Multiple Coordinated Policies

In the residual markets, the NAIC model regulation mandates the use of multiple coordinated policies — that is, separate policies for the PEO and each of its client companies. In addition, the insurer must coordinate the effective dates of the client company policies so that they renew on the same date as the PEO’s policy. This is accomplished by writing short-term policies with a common expiration date for the PEO’s new clients in the first year and then renewing all client policies on the same date as the PEO’s policy.

The advantage of this method is that a separate policy is issued for each entity. The separate policies permit insurers, rating organizations, and state regulators to track loss experience and proof of coverage using the traditional industry infrastructure. The disadvantage is that writing and coordinating the policies is cumbersome and expensive for both insurers and PEOs — both of whom presumably pass this cost on to other participants in the workers compensation system.

The Need for More Regulations

Accurate experience rating and verifiable proof of coverage are necessary for the proper functioning of the workers compensation system. An insured’s experience rating attempts to align the insured’s premium with its projected losses; inaccurate experience rating could send insurers into a tailspin of unsurviable unprojected claims. Furthermore, experience ratings that cannot be manipulated by insureds provide a valuable incentive for them to effect safe workplaces. As for proof of coverage, an effective means for verifying coverage is essential because, without it, state industrial commissions will be blindly unaware of those employers who abscond from their responsibility to carry workers compensation insurance.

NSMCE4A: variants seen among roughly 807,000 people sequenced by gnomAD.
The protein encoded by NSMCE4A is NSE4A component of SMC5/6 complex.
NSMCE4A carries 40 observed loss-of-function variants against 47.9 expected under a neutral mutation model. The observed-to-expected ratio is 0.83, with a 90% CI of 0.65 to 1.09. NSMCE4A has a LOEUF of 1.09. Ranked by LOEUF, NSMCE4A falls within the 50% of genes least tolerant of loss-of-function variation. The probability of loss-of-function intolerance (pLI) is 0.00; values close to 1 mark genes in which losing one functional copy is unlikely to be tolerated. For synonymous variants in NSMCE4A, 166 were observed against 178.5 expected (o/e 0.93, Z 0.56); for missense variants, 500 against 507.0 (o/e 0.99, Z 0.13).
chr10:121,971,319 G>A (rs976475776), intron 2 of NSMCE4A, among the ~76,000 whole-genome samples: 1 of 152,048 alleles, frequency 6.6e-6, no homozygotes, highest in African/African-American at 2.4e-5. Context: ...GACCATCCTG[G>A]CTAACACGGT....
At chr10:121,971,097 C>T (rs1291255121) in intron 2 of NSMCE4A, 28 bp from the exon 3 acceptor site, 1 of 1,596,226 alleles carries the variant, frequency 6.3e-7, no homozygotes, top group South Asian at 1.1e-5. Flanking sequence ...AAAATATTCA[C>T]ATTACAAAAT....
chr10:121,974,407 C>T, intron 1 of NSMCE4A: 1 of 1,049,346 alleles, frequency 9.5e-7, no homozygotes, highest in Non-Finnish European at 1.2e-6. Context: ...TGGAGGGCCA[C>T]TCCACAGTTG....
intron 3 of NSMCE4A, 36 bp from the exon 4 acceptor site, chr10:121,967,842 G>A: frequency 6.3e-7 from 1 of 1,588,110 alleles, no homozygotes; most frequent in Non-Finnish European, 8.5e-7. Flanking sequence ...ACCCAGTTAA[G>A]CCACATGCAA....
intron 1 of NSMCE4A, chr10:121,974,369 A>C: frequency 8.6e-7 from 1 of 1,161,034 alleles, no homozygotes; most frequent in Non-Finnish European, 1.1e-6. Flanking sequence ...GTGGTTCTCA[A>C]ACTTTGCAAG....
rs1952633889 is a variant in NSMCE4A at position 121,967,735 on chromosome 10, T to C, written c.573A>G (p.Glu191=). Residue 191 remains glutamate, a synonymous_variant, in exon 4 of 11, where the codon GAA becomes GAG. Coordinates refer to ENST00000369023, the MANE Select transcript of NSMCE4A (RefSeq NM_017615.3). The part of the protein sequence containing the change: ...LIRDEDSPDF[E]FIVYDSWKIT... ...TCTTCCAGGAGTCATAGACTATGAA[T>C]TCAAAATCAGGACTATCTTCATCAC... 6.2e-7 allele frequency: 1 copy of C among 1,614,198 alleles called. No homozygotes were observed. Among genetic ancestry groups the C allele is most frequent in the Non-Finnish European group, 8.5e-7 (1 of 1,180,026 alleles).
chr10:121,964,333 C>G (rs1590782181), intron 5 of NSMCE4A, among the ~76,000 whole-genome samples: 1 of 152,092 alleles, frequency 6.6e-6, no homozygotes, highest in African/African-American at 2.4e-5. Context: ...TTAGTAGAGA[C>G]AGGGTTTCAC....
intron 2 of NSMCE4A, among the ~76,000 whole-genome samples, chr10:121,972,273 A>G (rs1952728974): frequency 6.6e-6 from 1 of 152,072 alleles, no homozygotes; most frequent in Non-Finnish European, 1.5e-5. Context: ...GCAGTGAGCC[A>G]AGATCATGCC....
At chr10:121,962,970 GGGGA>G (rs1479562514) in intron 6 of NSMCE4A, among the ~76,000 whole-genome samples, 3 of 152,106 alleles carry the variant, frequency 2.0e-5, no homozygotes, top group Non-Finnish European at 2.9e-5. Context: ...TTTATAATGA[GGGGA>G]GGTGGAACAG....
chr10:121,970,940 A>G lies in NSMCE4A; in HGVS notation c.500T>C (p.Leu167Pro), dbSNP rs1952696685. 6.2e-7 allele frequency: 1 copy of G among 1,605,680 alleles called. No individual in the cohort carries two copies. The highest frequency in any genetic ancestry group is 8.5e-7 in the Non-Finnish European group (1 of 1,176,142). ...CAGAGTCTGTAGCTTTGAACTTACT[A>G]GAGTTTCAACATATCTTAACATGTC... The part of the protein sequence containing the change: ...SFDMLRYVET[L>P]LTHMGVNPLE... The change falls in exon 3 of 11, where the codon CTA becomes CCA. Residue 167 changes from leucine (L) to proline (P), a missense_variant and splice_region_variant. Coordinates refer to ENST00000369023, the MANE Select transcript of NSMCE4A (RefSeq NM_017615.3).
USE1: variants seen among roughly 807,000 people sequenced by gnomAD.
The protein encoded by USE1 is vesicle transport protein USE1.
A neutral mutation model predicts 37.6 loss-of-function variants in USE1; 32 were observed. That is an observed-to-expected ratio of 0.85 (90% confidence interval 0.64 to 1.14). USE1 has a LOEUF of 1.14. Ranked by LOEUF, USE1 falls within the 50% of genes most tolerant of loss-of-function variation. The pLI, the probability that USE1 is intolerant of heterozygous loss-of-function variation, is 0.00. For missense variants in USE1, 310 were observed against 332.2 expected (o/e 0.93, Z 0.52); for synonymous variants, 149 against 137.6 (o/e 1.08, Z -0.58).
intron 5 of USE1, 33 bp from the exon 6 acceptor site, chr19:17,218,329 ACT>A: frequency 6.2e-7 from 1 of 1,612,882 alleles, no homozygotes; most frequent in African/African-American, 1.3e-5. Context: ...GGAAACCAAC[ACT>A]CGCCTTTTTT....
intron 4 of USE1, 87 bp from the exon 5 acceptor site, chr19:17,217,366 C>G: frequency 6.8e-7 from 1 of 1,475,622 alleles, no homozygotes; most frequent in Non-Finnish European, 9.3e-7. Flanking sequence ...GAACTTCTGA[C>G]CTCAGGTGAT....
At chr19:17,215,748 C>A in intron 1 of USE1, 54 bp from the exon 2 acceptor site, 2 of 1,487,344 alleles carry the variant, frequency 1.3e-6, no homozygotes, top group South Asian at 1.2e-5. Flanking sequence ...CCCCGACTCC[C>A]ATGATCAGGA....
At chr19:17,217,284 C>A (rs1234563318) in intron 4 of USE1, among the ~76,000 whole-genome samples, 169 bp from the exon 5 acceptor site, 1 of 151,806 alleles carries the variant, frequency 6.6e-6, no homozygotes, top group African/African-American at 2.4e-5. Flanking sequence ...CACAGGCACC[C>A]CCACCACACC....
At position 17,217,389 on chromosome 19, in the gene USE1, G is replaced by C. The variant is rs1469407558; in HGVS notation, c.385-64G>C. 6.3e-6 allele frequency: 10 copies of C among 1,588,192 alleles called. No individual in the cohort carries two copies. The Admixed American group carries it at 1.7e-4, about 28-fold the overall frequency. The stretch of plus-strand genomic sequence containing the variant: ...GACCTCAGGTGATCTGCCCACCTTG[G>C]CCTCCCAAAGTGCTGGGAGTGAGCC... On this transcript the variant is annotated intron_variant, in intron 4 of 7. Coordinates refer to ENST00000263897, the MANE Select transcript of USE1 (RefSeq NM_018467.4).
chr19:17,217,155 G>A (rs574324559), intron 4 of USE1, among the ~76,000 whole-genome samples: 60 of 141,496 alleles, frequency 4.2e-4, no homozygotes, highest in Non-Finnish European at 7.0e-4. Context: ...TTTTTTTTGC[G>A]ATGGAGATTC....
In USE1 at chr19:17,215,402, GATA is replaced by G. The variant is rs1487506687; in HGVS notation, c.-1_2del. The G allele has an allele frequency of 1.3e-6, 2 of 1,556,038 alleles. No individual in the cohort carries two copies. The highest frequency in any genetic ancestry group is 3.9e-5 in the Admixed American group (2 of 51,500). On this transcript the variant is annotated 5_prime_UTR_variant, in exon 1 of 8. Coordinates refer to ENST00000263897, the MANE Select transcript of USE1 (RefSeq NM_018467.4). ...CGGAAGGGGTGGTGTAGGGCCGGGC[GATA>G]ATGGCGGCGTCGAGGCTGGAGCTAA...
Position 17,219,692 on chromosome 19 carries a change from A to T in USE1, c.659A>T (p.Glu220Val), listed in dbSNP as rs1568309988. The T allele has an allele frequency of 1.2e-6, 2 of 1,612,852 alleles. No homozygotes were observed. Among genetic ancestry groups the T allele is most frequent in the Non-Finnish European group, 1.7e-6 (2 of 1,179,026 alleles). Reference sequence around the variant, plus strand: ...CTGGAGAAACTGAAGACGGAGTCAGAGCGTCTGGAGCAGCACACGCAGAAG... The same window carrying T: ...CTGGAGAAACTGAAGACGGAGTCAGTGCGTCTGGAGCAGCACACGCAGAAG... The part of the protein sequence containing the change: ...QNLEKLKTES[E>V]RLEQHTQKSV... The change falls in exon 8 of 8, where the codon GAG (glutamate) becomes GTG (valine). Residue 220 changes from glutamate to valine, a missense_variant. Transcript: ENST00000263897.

Today, the growth in the client base of PEOs threatens the validity of the experience rating and proof of coverage components of the workers compensation system. Absent a uniform approach in all states that will allow the tracking of client data and coverage, the workers compensation system will not function as it should.

The PEO industry, to its credit, is attempting to address some of the legal gaps under which it operates. An accreditation system has been established by the Institute for the Accreditation of Professional Employer Organizations that involves in-depth financial analysis, client employee analysis, and a multitiered service checklist to prove that a company adheres to high ethical, operational, and financial standards. Industry groups are also supporting federal tax legislation that will clarify exactly what PEOs are and what they do. Among other things, the industry-supported federal legislation will amend tax law to codify many duties that responsible PEOs already perform. Such legislation would also clarify what PEOs must do vis-à-vis antidiscrimination laws, the payment of payroll taxes, and the sponsorship of benefit plans. It is in the interest of all stakeholders to get in this debate and help the industry arrive at a consensus about the rules necessary for ensuring fair and adequate workers compensation coverage for all employees.


The Journal of Workers Compensation is a quarterly review of risk management and cost containment strategies published by Standard Publishing in Boston, Massachusetts. For more information, please visit our web site,, or contact the editor at 800-682-5759, extension 222, or subscription services at extension 228.

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December 2000